Dial Art: Three Types To KnowWritten by Jamie Tan
Three types of embellishments that take a dial from simple to stunning.
You call it dial art, we call it a watch’s first flirty wink at its potential owner. Here are three to look out for:
This process involves vitrifying glass powder (above) into a solid surface by firing it in an oven. A single dial typically undergoes multiple firings as different colours are applied separately, lest they mix in their liquid form.
The technique is fraught with danger at every step, with the risk of cracked surfaces and altered colours following multiple firings.
Of the different kinds of enamelling, grand feu enamel is the most difficult to achieve, with the dials baked at temperatures above 820 degrees Celsius, limiting the colours that can be used.
Vacheron Constantin Métiers d’Art Les Aérostiers featuring plique-à-jour enamelling and engraving
With champlevé enamelling, the dial base is excavated to create cells that are then filled with enamel. On the other hand, cloisonné enamelling uses gold wire to shape these cells. There’s also plique-à-jour enamelling, which dates back to the 14th century. This technique requires the craftsman to use translucent enamel without any backing, thus achieving a stained glass effect.
Breguet Classique Hora Mundi Ref. 5727 showcasing different guilloché patterns
One of the most common forms of dial art, engraving is where artisans use a special steel-tipped tool, called a ‘burin’, to carve out material from the dial to form patterns or images. As the dial material needs to be soft enough for the craftsman to carve, gold is usually used.
To keep the case within a comfortable height, the dial’s thickness must be kept within limits, so creating adequate perception of depth can be a challenge.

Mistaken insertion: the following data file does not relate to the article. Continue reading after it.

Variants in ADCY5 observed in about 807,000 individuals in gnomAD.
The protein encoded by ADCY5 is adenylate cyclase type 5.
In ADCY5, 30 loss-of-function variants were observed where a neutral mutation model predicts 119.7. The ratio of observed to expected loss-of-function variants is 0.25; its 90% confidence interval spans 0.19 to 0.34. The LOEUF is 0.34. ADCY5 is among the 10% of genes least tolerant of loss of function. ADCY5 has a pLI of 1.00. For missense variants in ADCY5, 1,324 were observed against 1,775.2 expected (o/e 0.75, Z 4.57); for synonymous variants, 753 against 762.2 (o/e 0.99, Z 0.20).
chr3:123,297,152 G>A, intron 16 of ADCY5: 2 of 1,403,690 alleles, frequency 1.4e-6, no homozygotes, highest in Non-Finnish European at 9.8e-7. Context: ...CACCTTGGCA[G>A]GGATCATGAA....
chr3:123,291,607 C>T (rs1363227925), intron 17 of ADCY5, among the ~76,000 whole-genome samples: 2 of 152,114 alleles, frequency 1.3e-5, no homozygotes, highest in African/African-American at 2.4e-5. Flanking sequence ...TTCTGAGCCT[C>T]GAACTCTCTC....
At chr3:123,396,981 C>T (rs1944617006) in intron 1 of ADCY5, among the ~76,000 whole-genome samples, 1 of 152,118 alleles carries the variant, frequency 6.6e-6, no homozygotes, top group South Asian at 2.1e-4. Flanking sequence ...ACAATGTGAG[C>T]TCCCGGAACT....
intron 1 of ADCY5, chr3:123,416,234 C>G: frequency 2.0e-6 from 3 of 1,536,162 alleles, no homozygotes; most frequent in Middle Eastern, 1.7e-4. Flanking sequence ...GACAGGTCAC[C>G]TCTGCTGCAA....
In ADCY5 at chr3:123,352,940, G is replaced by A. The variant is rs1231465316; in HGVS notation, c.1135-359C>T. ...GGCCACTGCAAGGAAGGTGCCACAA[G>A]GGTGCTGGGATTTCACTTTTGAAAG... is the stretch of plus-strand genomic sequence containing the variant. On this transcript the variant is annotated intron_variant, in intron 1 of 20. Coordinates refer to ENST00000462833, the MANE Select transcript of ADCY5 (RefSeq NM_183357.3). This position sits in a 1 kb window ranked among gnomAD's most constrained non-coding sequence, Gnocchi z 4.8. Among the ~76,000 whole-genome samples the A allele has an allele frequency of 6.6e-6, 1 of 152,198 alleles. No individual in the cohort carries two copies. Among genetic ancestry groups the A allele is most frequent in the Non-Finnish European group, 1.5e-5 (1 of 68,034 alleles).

Besides hand-engraving, machines can also be used to cut lines into a dial, forming patterns. This process is known as guillochage. Just two types of machines are used to produce all the patterns possible: The straight-line engine cuts, well, straight lines, while the rose engine cuts curved ones. Hence, guilloché dials are also known as engine-turned dials.
Harry Winston Premier 36mm Precious Marquetry using mother-of-pearl
As its name implies, marquetry is the art of overlaying a blank dial with veneers of materials that have been cut and arranged to form images or patterns. Any material is fair game here, with limitations imposed only by the skill and imagination of the artisan. Feathers, mother-of-pearl, straw, wood, and even hard stones have been used.
Often, the difficulty with this technique lies in the fragility of the material used. Things like mother-of-pearl are extremely delicate and need to be cut very carefully. Feathers are, by nature, light and wispy, making them difficult to handle, much less cut and adhere to the dial. Needless to say, a lot of patience is required for this technique, but it’s one that results in beautiful, often geometric, patterns that elevate a simple dial.
While collectors often prize mechanical complications over aesthetic allure, decorative dial art - the highest level being métiers d’art - cannot be simplified and mass produced, making it truly exclusive and fully deserving of the acclaim it receives.
Jamie stumbled into watch journalism over three years ago when pursuing a career switch. He was initially drawn to the subject matter’s multidisciplinary nature, which demands a grasp of diverse subjects ranging from physics and material science, to design and history. Along the way, the visceral reactions that some timepieces have elicited convinced him to stay.